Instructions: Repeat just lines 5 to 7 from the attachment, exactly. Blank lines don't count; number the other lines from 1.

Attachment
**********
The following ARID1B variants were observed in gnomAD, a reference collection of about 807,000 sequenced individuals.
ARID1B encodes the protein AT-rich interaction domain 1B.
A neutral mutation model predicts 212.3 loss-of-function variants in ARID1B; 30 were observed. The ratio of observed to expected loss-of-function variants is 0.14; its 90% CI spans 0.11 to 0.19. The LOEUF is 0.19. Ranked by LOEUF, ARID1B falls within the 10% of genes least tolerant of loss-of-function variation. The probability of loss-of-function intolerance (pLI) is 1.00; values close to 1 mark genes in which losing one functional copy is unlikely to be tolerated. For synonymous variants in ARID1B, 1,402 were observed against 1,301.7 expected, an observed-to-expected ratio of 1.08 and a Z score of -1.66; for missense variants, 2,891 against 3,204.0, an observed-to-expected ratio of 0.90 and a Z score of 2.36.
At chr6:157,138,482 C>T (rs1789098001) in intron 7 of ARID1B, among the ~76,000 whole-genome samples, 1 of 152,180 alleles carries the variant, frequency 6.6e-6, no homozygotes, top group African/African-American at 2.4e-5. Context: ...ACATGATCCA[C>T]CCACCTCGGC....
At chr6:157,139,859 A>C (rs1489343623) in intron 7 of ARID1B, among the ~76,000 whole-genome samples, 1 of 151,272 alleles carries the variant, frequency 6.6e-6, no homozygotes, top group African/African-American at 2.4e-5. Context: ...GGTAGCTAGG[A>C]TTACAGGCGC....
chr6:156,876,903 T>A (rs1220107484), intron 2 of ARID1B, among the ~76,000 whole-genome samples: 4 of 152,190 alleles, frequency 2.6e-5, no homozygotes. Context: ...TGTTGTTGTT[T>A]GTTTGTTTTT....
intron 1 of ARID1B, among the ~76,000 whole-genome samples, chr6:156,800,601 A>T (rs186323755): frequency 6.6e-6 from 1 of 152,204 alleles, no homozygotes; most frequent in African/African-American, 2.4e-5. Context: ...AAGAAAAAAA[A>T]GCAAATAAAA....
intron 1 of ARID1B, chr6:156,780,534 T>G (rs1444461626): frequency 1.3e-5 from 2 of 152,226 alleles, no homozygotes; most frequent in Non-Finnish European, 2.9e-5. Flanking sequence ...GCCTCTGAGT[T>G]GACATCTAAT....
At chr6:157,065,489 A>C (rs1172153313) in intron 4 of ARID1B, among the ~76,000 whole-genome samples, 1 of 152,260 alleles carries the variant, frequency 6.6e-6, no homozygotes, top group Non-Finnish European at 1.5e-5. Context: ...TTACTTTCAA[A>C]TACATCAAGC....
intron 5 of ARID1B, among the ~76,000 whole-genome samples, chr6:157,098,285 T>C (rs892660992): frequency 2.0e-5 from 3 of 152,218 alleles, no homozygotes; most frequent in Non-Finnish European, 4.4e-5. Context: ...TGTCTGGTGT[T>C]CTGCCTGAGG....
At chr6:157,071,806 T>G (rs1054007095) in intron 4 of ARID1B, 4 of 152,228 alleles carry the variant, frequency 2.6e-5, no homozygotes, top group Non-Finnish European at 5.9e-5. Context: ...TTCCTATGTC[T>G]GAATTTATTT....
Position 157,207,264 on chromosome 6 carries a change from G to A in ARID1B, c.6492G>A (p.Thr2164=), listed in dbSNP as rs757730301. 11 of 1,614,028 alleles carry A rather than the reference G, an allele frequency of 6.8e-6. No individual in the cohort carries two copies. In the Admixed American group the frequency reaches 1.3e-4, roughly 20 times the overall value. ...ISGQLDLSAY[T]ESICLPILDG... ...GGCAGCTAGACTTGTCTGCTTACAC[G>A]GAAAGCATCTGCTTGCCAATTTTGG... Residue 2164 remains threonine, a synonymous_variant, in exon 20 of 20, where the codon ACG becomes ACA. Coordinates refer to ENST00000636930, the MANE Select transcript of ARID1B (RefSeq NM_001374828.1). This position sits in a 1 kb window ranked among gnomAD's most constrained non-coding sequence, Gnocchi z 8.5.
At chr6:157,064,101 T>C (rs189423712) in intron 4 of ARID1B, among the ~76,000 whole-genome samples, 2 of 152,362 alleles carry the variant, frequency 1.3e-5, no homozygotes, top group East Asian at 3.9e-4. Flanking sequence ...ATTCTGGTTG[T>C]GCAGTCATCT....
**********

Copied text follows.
At chr6:157,139,859 A>C (rs1489343623) in intron 7 of ARID1B, among the ~76,000 whole-genome samples, 1 of 151,272 alleles carries the variant, frequency 6.6e-6, no homozygotes, top group African/African-American at 2.4e-5. Context: ...GGTAGCTAGG[A>C]TTACAGGCGC....
chr6:156,876,903 T>A (rs1220107484), intron 2 of ARID1B, among the ~76,000 whole-genome samples: 4 of 152,190 alleles, frequency 2.6e-5, no homozygotes. Context: ...TGTTGTTGTT[T>A]GTTTGTTTTT....
intron 1 of ARID1B, among the ~76,000 whole-genome samples, chr6:156,800,601 A>T (rs186323755): frequency 6.6e-6 from 1 of 152,204 alleles, no homozygotes; most frequent in African/African-American, 2.4e-5. Context: ...AAGAAAAAAA[A>T]GCAAATAAAA....